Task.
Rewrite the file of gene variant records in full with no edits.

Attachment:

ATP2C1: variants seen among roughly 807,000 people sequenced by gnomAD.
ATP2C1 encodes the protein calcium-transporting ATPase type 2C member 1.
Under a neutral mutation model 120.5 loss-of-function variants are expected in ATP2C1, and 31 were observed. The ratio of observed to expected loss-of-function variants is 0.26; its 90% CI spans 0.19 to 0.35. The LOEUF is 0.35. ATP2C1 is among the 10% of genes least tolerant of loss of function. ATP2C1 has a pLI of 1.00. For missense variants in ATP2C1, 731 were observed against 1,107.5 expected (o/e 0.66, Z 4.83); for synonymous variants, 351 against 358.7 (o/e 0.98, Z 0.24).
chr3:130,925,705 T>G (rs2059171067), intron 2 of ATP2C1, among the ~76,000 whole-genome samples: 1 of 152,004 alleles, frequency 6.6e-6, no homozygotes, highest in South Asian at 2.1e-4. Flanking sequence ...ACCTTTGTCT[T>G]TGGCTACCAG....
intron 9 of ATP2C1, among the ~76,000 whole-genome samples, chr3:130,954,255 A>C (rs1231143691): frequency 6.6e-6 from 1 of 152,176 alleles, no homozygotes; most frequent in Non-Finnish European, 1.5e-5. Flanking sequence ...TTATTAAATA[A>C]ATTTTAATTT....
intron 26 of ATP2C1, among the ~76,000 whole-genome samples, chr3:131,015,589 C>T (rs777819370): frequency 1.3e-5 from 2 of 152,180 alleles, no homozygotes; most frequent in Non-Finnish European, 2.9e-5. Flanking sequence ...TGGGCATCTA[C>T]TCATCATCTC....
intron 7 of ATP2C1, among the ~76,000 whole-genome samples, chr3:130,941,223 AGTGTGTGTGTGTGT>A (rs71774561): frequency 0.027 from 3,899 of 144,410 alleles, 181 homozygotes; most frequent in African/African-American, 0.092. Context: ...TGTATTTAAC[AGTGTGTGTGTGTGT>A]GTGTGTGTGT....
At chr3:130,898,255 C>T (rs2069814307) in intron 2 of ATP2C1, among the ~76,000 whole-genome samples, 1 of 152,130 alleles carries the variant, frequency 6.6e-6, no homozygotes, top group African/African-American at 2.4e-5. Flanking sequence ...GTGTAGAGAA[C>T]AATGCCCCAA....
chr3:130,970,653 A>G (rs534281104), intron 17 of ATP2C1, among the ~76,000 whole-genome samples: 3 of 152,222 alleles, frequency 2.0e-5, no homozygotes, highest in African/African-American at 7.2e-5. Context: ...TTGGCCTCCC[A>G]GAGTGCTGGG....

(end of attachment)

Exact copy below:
ATP2C1: variants seen among roughly 807,000 people sequenced by gnomAD.
ATP2C1 encodes the protein calcium-transporting ATPase type 2C member 1.
Under a neutral mutation model 120.5 loss-of-function variants are expected in ATP2C1, and 31 were observed. The ratio of observed to expected loss-of-function variants is 0.26; its 90% CI spans 0.19 to 0.35. The LOEUF is 0.35. ATP2C1 is among the 10% of genes least tolerant of loss of function. ATP2C1 has a pLI of 1.00. For missense variants in ATP2C1, 731 were observed against 1,107.5 expected (o/e 0.66, Z 4.83); for synonymous variants, 351 against 358.7 (o/e 0.98, Z 0.24).
chr3:130,925,705 T>G (rs2059171067), intron 2 of ATP2C1, among the ~76,000 whole-genome samples: 1 of 152,004 alleles, frequency 6.6e-6, no homozygotes, highest in South Asian at 2.1e-4. Flanking sequence ...ACCTTTGTCT[T>G]TGGCTACCAG....
intron 9 of ATP2C1, among the ~76,000 whole-genome samples, chr3:130,954,255 A>C (rs1231143691): frequency 6.6e-6 from 1 of 152,176 alleles, no homozygotes; most frequent in Non-Finnish European, 1.5e-5. Flanking sequence ...TTATTAAATA[A>C]ATTTTAATTT....
intron 26 of ATP2C1, among the ~76,000 whole-genome samples, chr3:131,015,589 C>T (rs777819370): frequency 1.3e-5 from 2 of 152,180 alleles, no homozygotes; most frequent in Non-Finnish European, 2.9e-5. Flanking sequence ...TGGGCATCTA[C>T]TCATCATCTC....
intron 7 of ATP2C1, among the ~76,000 whole-genome samples, chr3:130,941,223 AGTGTGTGTGTGTGT>A (rs71774561): frequency 0.027 from 3,899 of 144,410 alleles, 181 homozygotes; most frequent in African/African-American, 0.092. Context: ...TGTATTTAAC[AGTGTGTGTGTGTGT>A]GTGTGTGTGT....
At chr3:130,898,255 C>T (rs2069814307) in intron 2 of ATP2C1, among the ~76,000 whole-genome samples, 1 of 152,130 alleles carries the variant, frequency 6.6e-6, no homozygotes, top group African/African-American at 2.4e-5. Flanking sequence ...GTGTAGAGAA[C>T]AATGCCCCAA....
chr3:130,970,653 A>G (rs534281104), intron 17 of ATP2C1, among the ~76,000 whole-genome samples: 3 of 152,222 alleles, frequency 2.0e-5, no homozygotes, highest in African/African-American at 7.2e-5. Context: ...TTGGCCTCCC[A>G]GAGTGCTGGG....